Pro-lifers: ‘Buffer zones inquiry was utterly biased’

The Home Affairs Committee has been criticised for its handling of an evidence session on abortion buffer zones.

Last week, MPs heard from abortion industry representatives and pro-life groups after the Government announced a review of abortion protests.

Despite seeing no concrete evidence of harassment or violence by pro-life activists outside clinics, committee chair Yvette Cooper MP recommended that “further measures” be taken.

Poor treatment

Cooper was also criticised for her treatment of pro-life representatives, who she repeatedly interrupted and interrogated.

During the two-hour session last Tuesday, Clare Murphy, of abortion group BPAS, claimed that interactions between peaceful pro-life protestors and women seeking an abortion can have “really profoundly awful consequences”.

John Hansen-Brevetti, of abortion group Marie Stopes International, seconded her claim, saying he had seen “intimidation and attacks” increase.

‘No evidence’

Pro-lifers Clare McCullough of the Good Counsel Network and Antonia Tully of SPUC strongly disputed their claims.

McCullough told the committee: “There is no evidence for these things happening”, adding, “it is an absolute disgrace that people can bring this kind of evidence against you and just say it is so to make it so”.

Tully also stressed that she had not seen evidence of harassment, saying “what we do see is peaceful, prayerful people standing near abortion facilities offering women the help that they are simply not getting anywhere else”.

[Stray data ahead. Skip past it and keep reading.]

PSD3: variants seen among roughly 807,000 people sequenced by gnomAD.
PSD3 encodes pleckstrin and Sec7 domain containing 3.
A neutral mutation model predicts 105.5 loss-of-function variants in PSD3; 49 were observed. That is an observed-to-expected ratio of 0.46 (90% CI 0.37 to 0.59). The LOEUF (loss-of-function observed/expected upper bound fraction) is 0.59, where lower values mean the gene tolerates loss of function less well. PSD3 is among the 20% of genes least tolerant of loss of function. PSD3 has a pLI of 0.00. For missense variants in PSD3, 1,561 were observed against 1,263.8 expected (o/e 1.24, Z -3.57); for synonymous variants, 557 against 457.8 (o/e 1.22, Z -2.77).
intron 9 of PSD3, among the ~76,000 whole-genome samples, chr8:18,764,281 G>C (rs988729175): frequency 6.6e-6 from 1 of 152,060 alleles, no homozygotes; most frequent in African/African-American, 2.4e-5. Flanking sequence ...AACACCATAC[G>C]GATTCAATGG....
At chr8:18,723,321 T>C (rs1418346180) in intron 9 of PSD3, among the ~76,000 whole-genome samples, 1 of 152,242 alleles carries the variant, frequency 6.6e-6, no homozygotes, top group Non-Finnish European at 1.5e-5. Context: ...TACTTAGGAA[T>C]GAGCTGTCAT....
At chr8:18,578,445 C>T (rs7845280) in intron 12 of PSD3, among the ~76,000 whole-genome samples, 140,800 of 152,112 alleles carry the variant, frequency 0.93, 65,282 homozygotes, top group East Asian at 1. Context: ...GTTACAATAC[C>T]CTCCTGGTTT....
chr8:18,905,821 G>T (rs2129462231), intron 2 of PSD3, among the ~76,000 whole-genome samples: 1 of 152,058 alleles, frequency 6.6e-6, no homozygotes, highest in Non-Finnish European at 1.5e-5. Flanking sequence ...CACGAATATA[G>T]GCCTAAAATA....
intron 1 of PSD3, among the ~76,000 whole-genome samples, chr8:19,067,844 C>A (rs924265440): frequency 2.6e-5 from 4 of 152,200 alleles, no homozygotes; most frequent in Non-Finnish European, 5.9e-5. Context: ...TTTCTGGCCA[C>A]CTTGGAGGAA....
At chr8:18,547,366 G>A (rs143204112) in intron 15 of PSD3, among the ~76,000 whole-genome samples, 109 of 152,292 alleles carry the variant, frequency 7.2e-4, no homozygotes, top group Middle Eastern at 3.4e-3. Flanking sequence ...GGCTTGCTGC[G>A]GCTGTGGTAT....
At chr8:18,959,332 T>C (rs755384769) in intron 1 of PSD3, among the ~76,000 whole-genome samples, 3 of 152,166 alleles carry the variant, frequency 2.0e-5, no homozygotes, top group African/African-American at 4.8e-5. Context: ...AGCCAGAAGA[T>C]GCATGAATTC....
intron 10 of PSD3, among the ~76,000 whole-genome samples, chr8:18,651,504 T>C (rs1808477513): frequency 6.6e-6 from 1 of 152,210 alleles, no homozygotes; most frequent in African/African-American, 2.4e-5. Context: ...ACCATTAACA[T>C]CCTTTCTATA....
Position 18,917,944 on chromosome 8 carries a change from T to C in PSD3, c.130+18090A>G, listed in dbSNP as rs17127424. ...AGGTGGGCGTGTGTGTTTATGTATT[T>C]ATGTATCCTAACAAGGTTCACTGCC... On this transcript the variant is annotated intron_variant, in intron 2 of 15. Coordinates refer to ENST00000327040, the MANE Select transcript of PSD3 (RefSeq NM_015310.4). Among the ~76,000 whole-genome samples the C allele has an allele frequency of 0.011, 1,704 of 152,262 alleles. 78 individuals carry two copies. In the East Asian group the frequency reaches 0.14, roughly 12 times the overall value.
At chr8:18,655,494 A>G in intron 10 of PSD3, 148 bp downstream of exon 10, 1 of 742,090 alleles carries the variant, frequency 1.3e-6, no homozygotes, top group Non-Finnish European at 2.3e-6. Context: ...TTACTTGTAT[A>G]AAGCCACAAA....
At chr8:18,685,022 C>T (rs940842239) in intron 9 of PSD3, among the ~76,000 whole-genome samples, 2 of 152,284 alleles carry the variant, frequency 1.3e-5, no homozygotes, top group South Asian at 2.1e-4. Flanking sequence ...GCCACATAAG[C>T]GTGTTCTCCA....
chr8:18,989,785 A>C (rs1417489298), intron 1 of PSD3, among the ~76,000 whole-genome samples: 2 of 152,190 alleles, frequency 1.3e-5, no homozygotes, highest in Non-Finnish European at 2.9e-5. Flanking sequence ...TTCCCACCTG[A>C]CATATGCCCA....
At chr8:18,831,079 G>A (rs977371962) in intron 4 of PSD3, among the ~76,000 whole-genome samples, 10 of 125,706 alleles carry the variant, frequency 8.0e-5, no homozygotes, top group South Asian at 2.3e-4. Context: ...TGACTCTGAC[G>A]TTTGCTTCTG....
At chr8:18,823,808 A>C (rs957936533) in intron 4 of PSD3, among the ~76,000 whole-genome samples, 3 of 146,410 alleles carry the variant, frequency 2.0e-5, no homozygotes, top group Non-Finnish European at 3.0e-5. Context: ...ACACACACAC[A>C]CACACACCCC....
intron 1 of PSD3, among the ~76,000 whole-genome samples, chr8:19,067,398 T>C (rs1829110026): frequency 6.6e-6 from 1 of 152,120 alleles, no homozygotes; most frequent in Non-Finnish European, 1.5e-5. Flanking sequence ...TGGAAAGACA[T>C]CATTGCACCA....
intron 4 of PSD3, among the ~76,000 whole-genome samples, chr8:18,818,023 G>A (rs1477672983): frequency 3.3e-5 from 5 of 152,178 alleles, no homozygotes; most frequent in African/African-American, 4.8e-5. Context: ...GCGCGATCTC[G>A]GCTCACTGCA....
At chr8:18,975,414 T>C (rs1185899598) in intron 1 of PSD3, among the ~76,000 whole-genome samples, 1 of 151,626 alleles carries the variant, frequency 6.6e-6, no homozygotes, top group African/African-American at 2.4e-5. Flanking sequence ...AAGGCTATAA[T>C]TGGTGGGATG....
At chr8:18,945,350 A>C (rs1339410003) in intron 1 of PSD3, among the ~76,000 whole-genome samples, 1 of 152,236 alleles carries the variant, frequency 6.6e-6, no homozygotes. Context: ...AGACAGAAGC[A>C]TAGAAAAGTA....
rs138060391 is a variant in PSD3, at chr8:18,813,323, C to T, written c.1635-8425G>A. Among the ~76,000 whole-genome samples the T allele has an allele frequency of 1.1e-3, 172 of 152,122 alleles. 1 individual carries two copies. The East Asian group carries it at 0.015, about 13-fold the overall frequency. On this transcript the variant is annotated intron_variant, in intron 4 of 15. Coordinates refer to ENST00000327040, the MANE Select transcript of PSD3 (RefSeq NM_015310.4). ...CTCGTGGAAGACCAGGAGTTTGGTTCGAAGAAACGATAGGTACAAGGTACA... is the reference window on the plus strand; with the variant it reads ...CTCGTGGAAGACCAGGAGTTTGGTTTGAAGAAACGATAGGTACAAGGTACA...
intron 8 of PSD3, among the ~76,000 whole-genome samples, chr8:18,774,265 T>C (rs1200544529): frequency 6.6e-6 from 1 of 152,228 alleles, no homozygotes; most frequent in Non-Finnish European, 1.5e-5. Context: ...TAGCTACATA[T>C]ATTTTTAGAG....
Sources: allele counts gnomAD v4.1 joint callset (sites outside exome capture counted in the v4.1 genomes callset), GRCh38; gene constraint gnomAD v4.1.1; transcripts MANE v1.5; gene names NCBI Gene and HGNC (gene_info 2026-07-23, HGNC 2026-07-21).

“The pro-life movement in this country for the last 50 years has been a peaceful, law-abiding movement, and nothing has changed.”

‘Utterly biased’

At the end of the session, despite receiving no concrete proof that harassment had taken place, Cooper said, “if you’re not prepared to accept the impact that people describe then it makes it rather difficult to see how a resolution can be found without there being any further measures or further legal action taken”.

Writing on Twitter after the evidence session, pro-life former MP Robert Flello said: “Sadly this is what I’ve seen over the years from Yvette and others. The Committee’s report was effectively written before the inquiry began”.

Pro-life group Right To Life also spoke out saying: “Absolutely clear that [Yvette Cooper MP] utterly biased. Her concluding remarks disgraceful in assuming existence of harassment on hearsay”.

Government review

The Home Affairs Committee hearing will inform a review of abortion protests by the Home Office, announced last month.

Ministers will review the “scale and nature” of abortion protests and could hand the police new powers to silence pro-life opposition.

John Smeaton, Director of SPUC, said the review is “biased” and a “wholly inappropriate response to small numbers of prayerful people who offer leaflets to women”.

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